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## Details

Genre/Form: | Electronic books |
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Additional Physical Format: | Print version: Cox, D.R. (David Roxbee). Principles of applied statistics. Cambridge, UK ; New York : Cambridge University Press, 2011 (DLC) 2011023677 (OCoLC)727702115 |

Material Type: | Document, Internet resource |

Document Type: | Internet Resource, Computer File |

All Authors / Contributors: |
D R Cox; Christl A Donnelly |

ISBN: | 9781139128797 1139128795 1139115960 9781139115964 9781139118132 1139118137 9781139005036 1139005030 |

OCLC Number: | 768770719 |

Description: | 1 online resource (x, 202 pages) : illustrations |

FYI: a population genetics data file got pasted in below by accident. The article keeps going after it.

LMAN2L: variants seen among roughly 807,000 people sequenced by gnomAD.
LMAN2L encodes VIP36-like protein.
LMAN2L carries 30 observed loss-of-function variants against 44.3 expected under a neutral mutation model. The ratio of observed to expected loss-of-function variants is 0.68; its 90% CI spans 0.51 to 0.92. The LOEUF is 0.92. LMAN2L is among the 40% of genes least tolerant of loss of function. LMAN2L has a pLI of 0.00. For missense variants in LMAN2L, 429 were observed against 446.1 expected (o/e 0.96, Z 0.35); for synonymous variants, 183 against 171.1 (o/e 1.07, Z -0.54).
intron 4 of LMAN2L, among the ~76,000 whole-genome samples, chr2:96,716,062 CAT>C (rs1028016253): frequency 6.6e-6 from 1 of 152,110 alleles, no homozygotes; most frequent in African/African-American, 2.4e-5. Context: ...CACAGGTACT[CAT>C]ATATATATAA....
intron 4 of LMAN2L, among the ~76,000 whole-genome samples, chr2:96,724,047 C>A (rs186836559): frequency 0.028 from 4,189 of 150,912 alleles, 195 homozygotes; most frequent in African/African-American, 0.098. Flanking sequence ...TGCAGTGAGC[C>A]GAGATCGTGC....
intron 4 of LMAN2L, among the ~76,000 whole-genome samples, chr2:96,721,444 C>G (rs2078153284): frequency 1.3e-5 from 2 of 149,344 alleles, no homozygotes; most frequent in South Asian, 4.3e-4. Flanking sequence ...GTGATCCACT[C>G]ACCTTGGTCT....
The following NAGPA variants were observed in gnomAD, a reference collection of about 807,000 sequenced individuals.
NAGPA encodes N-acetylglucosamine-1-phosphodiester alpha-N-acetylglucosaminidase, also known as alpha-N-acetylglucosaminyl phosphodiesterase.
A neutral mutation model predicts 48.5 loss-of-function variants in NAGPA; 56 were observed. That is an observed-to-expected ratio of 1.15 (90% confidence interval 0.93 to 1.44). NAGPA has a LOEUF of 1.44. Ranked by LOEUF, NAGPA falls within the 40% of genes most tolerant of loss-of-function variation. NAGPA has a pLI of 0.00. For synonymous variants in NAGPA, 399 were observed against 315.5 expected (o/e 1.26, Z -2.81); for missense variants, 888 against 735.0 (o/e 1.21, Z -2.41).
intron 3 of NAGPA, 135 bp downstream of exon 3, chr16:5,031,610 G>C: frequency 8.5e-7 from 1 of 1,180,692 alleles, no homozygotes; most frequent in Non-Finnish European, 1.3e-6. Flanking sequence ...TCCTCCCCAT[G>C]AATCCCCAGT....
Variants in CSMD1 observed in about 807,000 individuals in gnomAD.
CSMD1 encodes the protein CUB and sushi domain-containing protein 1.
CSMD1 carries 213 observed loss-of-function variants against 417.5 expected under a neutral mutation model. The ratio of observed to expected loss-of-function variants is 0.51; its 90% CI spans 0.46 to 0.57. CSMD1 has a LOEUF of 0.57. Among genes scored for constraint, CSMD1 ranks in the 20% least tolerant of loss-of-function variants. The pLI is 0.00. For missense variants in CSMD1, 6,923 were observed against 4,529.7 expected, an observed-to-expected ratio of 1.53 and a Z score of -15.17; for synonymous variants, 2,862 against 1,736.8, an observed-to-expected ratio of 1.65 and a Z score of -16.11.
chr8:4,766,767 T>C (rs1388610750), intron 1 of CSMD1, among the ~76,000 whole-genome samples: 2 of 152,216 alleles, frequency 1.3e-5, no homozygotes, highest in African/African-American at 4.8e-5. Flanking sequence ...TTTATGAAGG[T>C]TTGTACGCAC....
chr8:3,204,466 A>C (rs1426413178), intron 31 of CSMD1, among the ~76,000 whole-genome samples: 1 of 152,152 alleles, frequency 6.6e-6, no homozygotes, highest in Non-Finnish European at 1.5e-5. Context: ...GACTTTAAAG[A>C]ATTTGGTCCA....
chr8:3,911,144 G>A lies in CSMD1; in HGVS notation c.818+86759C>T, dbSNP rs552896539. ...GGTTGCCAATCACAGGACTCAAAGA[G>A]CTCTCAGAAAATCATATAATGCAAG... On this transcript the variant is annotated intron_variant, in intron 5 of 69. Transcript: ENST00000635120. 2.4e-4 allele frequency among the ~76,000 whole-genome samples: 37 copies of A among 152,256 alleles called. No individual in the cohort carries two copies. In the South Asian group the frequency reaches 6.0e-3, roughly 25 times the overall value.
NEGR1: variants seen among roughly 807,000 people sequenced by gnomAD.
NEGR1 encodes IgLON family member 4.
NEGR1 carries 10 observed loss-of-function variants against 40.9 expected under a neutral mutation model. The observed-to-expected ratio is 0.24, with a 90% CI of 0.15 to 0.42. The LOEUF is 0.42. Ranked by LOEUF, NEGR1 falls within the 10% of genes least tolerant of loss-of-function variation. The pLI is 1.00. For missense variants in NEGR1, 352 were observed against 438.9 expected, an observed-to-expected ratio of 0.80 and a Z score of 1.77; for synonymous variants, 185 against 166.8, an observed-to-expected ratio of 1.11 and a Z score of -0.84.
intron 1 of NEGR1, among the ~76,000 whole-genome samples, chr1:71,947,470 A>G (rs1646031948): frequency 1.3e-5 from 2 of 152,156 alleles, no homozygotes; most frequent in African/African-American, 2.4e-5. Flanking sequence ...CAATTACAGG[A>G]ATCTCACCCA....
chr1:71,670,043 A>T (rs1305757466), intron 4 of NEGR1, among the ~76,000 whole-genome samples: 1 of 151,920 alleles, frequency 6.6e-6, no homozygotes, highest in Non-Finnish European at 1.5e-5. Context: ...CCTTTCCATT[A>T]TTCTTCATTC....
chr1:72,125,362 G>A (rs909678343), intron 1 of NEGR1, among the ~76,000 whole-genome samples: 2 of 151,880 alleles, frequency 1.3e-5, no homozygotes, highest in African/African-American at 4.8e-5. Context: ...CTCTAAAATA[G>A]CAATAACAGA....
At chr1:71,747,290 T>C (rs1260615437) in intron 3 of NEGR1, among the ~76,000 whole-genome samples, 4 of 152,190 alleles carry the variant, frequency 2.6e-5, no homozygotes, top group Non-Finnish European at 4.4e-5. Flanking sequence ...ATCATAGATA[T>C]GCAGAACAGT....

Contents: | Cover; Title; Copyright; Contents; Preface; 1 Some general concepts; 1.1 Preliminaries; 1.2 Components of investigation; 1.3 Aspects of study design; 1.4 Relationship between design and analysis; 1.5 Experimental and observational studies; 1.6 Principles of measurement; 1.7 Types and phases of analysis; 1.8 Formal analysis; 1.9 Probability models; 1.10 Prediction; 1.11 Synthesis; Notes; 2 Design of studies; 2.1 Introduction; 2.2 Unit of analysis; 2.3 Types of study; 2.4 Avoidance of systematic error; 2.5 Control and estimation of random error; 2.6 Scale of effort; 2.7 Factorial principle. Notes3 Special types of study; 3.1 Preliminaries; 3.2 Sampling a specific population; 3.2.1 Sampling frame; 3.2.2 Precision enhancement; 3.2.3 Multi-stage and temporal sampling; 3.2.4 Less standard sampling methods; 3.3 Experiments; 3.3.1 Primary formulation; 3.3.2 Precision improvement; 3.3.3 Factorial experiments; 3.3.4 Developments; 3.4 Cross-sectional observational study; 3.5 Prospective observational study; 3.6 Retrospective observational study; Notes; 4 Principles of measurement; 4.1 Criteria for measurements; 4.2 Classification of measurements; 4.3 Scale properties. 4.4 Classification by purpose4.5 Censoring; 4.6 Derived variables; 4.7 Latent variables; 4.7.1 Generalities; 4.7.2 Role in model formulation; 4.7.3 Latent structure and latent class models; 4.7.4 Measurement error in regression; Notes; 5 Preliminary analysis; 5.1 Introduction; 5.2 Data auditing; 5.3 Data screening; 5.4 Preliminary graphical analysis; 5.5 Preliminary tabular analysis; 5.6 More specialized measurement; 5.7 Discussion; 6 Model formulation; 6.1 Preliminaries; 6.2 Nature of probability models; 6.3 Types of model; 6.4 Interpretation of probability; 6.5 Empirical models. 6.5.1 Generalities6.5.2 Systematic variation; 6.5.3 Variational structure; 6.5.4 Unit of analysis; Notes; 7 Model choice; 7.1 Criteria for parameters; 7.1.1 Preliminaries; 7.1.2 Parameters of interest; 7.2 Nonspecific effects; 7.2.1 Preliminaries; 7.2.2 Stable treatment effect; 7.2.3 Unstable effect; 7.3 Choice of a specific model; Notes; 8 Techniques of formal inference; 8.1 Preliminaries; 8.2 Confidence limits; 8.3 Posterior distributions; 8.4 Significance tests; 8.4.1 Types of null hypothesis; 8.4.2 Test of atomic null hypothesis; 8.4.3 Application and interpretation of p-values. 8.4.4 Simulation-based procedures8.4.5 Tests of model adequacy; 8.4.6 Tests of model simplification; 8.5 Large numbers of significance tests; 8.5.1 Generalities; 8.5.2 Formulation; 8.5.3 Multi-stage formulation; 8.5.4 Bonferroni correction; 8.5.5 False discovery rate; 8.5.6 Empirical Bayes formulation; 8.6 Estimates and standard errors; 8.6.1 A final assessment; Notes; 9 Interpretation; 9.1 Introduction; 9.2 Statistical causality; 9.2.1 Preliminaries; 9.2.2 Causality and randomized experiments; 9.2.3 Observational parallel; 9.2.4 Qualitative guidelines; 9.2.5 A further notion. |